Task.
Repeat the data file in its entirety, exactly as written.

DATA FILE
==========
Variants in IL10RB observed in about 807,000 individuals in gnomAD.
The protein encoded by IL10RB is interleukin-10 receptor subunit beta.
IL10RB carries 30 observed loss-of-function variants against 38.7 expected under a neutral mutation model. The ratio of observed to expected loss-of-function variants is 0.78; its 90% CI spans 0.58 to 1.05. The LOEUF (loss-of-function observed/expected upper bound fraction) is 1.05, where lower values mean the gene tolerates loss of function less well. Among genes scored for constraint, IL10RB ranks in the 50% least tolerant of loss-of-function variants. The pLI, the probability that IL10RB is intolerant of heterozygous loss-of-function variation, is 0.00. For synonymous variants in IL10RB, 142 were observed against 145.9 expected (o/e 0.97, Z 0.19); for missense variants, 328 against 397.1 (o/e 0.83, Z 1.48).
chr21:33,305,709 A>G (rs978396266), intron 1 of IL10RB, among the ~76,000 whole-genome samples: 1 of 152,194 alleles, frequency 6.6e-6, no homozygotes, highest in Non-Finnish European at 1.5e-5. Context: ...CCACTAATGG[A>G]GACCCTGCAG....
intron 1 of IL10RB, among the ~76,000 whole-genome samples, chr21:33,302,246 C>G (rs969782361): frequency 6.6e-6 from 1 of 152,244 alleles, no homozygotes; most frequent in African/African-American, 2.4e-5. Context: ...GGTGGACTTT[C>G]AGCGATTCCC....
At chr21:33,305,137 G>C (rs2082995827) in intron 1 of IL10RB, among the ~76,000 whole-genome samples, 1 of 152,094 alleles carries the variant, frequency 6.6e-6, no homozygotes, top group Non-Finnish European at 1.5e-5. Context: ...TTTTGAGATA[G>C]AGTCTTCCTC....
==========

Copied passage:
Variants in IL10RB observed in about 807,000 individuals in gnomAD.
The protein encoded by IL10RB is interleukin-10 receptor subunit beta.
IL10RB carries 30 observed loss-of-function variants against 38.7 expected under a neutral mutation model. The ratio of observed to expected loss-of-function variants is 0.78; its 90% CI spans 0.58 to 1.05. The LOEUF (loss-of-function observed/expected upper bound fraction) is 1.05, where lower values mean the gene tolerates loss of function less well. Among genes scored for constraint, IL10RB ranks in the 50% least tolerant of loss-of-function variants. The pLI, the probability that IL10RB is intolerant of heterozygous loss-of-function variation, is 0.00. For synonymous variants in IL10RB, 142 were observed against 145.9 expected (o/e 0.97, Z 0.19); for missense variants, 328 against 397.1 (o/e 0.83, Z 1.48).
chr21:33,305,709 A>G (rs978396266), intron 1 of IL10RB, among the ~76,000 whole-genome samples: 1 of 152,194 alleles, frequency 6.6e-6, no homozygotes, highest in Non-Finnish European at 1.5e-5. Context: ...CCACTAATGG[A>G]GACCCTGCAG....
intron 1 of IL10RB, among the ~76,000 whole-genome samples, chr21:33,302,246 C>G (rs969782361): frequency 6.6e-6 from 1 of 152,244 alleles, no homozygotes; most frequent in African/African-American, 2.4e-5. Context: ...GGTGGACTTT[C>G]AGCGATTCCC....
At chr21:33,305,137 G>C (rs2082995827) in intron 1 of IL10RB, among the ~76,000 whole-genome samples, 1 of 152,094 alleles carries the variant, frequency 6.6e-6, no homozygotes, top group Non-Finnish European at 1.5e-5. Context: ...TTTTGAGATA[G>C]AGTCTTCCTC....